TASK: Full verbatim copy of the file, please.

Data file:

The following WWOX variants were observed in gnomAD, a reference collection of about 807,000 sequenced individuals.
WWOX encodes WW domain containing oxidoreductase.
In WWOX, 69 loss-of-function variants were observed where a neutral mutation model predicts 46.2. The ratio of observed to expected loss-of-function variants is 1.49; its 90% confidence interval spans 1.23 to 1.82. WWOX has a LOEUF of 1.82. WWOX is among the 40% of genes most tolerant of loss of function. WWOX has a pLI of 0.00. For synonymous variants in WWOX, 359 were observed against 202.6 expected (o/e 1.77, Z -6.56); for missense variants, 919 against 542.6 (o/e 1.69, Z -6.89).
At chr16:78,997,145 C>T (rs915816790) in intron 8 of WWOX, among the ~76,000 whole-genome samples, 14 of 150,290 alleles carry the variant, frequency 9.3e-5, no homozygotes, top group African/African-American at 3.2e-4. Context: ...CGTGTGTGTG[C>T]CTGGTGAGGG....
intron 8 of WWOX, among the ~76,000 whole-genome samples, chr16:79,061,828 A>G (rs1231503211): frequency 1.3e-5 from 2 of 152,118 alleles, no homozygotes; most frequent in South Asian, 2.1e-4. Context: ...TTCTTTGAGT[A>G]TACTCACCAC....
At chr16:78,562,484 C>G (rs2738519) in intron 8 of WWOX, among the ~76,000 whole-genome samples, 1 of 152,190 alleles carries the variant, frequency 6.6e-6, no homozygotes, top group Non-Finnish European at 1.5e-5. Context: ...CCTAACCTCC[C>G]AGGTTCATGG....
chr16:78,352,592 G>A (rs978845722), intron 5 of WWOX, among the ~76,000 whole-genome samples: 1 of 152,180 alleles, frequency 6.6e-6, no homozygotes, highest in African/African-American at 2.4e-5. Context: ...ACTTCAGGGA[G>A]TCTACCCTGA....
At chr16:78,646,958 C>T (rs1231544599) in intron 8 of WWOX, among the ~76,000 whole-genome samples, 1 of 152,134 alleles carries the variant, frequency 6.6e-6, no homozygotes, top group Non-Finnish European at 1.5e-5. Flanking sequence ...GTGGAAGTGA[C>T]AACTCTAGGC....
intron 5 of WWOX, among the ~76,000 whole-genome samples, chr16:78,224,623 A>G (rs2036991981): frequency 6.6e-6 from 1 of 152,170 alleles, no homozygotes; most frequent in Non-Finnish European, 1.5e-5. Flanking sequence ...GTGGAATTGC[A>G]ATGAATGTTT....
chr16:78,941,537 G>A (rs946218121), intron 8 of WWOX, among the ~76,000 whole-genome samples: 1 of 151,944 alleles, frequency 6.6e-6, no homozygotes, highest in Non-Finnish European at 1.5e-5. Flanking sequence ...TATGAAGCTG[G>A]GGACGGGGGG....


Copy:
The following WWOX variants were observed in gnomAD, a reference collection of about 807,000 sequenced individuals.
WWOX encodes WW domain containing oxidoreductase.
In WWOX, 69 loss-of-function variants were observed where a neutral mutation model predicts 46.2. The ratio of observed to expected loss-of-function variants is 1.49; its 90% confidence interval spans 1.23 to 1.82. WWOX has a LOEUF of 1.82. WWOX is among the 40% of genes most tolerant of loss of function. WWOX has a pLI of 0.00. For synonymous variants in WWOX, 359 were observed against 202.6 expected (o/e 1.77, Z -6.56); for missense variants, 919 against 542.6 (o/e 1.69, Z -6.89).
At chr16:78,997,145 C>T (rs915816790) in intron 8 of WWOX, among the ~76,000 whole-genome samples, 14 of 150,290 alleles carry the variant, frequency 9.3e-5, no homozygotes, top group African/African-American at 3.2e-4. Context: ...CGTGTGTGTG[C>T]CTGGTGAGGG....
intron 8 of WWOX, among the ~76,000 whole-genome samples, chr16:79,061,828 A>G (rs1231503211): frequency 1.3e-5 from 2 of 152,118 alleles, no homozygotes; most frequent in South Asian, 2.1e-4. Context: ...TTCTTTGAGT[A>G]TACTCACCAC....
At chr16:78,562,484 C>G (rs2738519) in intron 8 of WWOX, among the ~76,000 whole-genome samples, 1 of 152,190 alleles carries the variant, frequency 6.6e-6, no homozygotes, top group Non-Finnish European at 1.5e-5. Context: ...CCTAACCTCC[C>G]AGGTTCATGG....
chr16:78,352,592 G>A (rs978845722), intron 5 of WWOX, among the ~76,000 whole-genome samples: 1 of 152,180 alleles, frequency 6.6e-6, no homozygotes, highest in African/African-American at 2.4e-5. Context: ...ACTTCAGGGA[G>A]TCTACCCTGA....
At chr16:78,646,958 C>T (rs1231544599) in intron 8 of WWOX, among the ~76,000 whole-genome samples, 1 of 152,134 alleles carries the variant, frequency 6.6e-6, no homozygotes, top group Non-Finnish European at 1.5e-5. Flanking sequence ...GTGGAAGTGA[C>T]AACTCTAGGC....
intron 5 of WWOX, among the ~76,000 whole-genome samples, chr16:78,224,623 A>G (rs2036991981): frequency 6.6e-6 from 1 of 152,170 alleles, no homozygotes; most frequent in Non-Finnish European, 1.5e-5. Flanking sequence ...GTGGAATTGC[A>G]ATGAATGTTT....
chr16:78,941,537 G>A (rs946218121), intron 8 of WWOX, among the ~76,000 whole-genome samples: 1 of 151,944 alleles, frequency 6.6e-6, no homozygotes, highest in Non-Finnish European at 1.5e-5. Flanking sequence ...TATGAAGCTG[G>A]GGACGGGGGG....